Beautiful: The Carole King Musical
I’m not sure why it took us so long to see Beautiful: The Carole King Musical, but we finally saw it yesterday afternoon. It was wonderful–packed full of so many classic songs as well as a stunning, powerhouse performance from Tony winner Jesse Mueller as the iconic singer/songwriter.
The musical covers the time from when King sold her first song in the late 50s through her solo Carnegie Hall debut in June 1971. Initially she works with Gerry Goffin to write hits like “Will You Still Love Me Tomorrow,” “Up on the Roof” and “One Fine Day.” King and Goffin get married early, she’s only 17, and have two kids. As their songwriting career grows, so do the issues in their marriage as Goffin feels like he can’t be satisfied with what he’s got.
Their friends, and writing competitors, Barry Mann and Cynthia Weil write hit songs in the office next door. These songs include “He’s Sure the Boy I Love,” “On Broadway,” and “We Gotta Get Out of This Place.” There’s also tons of classic acts portrayed in the show: Neil Sedaka, The Drifters, The Shirelles, Little Eva and Marilyn Wald.
I knew a good bit about King & Goffin and Mann & Weil because of a Rock & Roll class I took the summer of my freshman year in college in 1987. Taught by Dr. James Salem, the class spent quite a few sessions on the Tin Pan Alley scene of the 60s where these four, and many others, wrote the hits of the day. I throughly enjoyed this history lesson come to life. What the class didn’t cover, and was so heartbreaking in the play, was the stress that Goffin and King went through as their marriage fell apart. It was sad that Goffin knew he was making the wrong choices, but couldn’t seem to do anything to stop them.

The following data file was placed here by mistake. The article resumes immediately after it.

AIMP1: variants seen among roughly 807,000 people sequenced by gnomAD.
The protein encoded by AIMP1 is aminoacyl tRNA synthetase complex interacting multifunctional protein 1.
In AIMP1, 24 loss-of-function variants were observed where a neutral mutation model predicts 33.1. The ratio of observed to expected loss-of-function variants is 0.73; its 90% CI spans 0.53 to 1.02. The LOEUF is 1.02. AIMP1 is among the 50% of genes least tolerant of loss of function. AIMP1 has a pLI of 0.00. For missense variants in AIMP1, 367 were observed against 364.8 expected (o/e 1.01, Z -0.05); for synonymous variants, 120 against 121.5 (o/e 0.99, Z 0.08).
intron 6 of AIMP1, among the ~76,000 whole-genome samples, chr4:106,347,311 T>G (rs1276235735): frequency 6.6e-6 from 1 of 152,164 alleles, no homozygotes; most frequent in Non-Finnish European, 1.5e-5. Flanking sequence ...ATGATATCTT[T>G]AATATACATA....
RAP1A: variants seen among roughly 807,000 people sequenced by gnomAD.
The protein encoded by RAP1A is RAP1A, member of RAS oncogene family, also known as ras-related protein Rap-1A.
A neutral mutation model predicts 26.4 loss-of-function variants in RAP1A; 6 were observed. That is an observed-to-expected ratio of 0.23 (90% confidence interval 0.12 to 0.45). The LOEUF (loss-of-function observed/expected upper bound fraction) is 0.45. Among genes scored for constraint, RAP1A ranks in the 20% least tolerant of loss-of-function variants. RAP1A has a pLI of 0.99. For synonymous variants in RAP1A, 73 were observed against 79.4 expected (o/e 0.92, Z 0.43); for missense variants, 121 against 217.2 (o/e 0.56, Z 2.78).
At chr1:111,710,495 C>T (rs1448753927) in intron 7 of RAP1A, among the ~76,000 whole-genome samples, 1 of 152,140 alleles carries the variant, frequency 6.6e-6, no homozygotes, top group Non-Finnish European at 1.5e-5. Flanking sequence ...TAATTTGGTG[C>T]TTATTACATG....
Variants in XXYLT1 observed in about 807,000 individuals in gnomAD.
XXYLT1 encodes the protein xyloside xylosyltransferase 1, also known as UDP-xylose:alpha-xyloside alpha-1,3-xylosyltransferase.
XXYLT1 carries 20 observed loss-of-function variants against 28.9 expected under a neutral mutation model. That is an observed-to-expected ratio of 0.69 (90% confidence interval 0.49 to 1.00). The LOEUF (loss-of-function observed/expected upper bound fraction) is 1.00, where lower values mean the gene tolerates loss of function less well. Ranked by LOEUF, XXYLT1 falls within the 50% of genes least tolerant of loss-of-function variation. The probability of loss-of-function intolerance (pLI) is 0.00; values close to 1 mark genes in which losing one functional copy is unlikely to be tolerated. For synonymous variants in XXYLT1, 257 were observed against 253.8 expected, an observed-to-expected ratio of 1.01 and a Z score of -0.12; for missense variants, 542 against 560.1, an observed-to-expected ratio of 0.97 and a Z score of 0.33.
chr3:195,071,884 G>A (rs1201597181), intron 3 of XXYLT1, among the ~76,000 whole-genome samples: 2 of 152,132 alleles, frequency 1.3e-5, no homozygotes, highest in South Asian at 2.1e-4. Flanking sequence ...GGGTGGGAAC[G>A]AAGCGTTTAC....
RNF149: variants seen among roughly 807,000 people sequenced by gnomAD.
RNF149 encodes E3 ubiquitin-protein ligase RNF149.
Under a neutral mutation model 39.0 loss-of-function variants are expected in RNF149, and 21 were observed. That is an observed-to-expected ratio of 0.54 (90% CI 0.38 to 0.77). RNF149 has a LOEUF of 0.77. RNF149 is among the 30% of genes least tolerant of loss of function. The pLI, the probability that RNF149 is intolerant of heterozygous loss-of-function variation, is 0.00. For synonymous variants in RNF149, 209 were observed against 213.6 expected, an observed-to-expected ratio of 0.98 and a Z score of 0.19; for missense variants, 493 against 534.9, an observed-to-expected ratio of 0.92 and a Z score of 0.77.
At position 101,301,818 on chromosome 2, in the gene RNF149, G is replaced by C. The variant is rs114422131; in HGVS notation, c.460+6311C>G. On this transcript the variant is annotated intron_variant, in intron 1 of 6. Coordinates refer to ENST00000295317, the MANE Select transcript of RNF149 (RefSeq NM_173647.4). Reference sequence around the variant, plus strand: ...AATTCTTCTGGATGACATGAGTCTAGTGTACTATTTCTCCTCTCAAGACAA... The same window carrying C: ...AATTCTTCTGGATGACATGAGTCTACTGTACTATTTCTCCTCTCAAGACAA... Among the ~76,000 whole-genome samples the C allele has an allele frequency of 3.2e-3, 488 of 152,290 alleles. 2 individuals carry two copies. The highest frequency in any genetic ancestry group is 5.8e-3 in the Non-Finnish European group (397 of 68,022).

Mueller and Jake Epstein (playing Goffin) have great chemistry. You can see them fall in love with each other and then watch as they both feel the pain of what happens. Epstein delivers a great performance, showing Goffin’s battles with panic attacks. Anika Larsen and Jarrod Spector as Weil and Mann are delightfully playful as they get their career partnership and romance going. Jeb Brown plays producer Don Kirshner and he’s often a father figure to the quartet as they grow up.
I have to give a nod to the sound design of this show too. Brian Ronan won a Tony Award for the design and it’s much deserved. He captured some of the different sounds the music had back then. Especially impressive was recreating, in the theatre, the Phil Spector Wall of Sound for the Mann/Weil song “You’ve Lost that Loving Feeling” sung by the Righteous Brothers. Josh Davis and Kevin Duda, who each play multiple roles in the show, sang the song great and the sound design really presented that particular sound so well. (It’s a shock to me that the Tony Awards committee have announced that they are dropping the Sound Design categories going forward from the 2014-15 season. It’s a shame that work, like Ronan’s, will no longer be honored.
Beautiful was a great way to spend Fourth of July afternoon. This show is highly recommended for a trip through rock and roll history, featuring some of the best music around.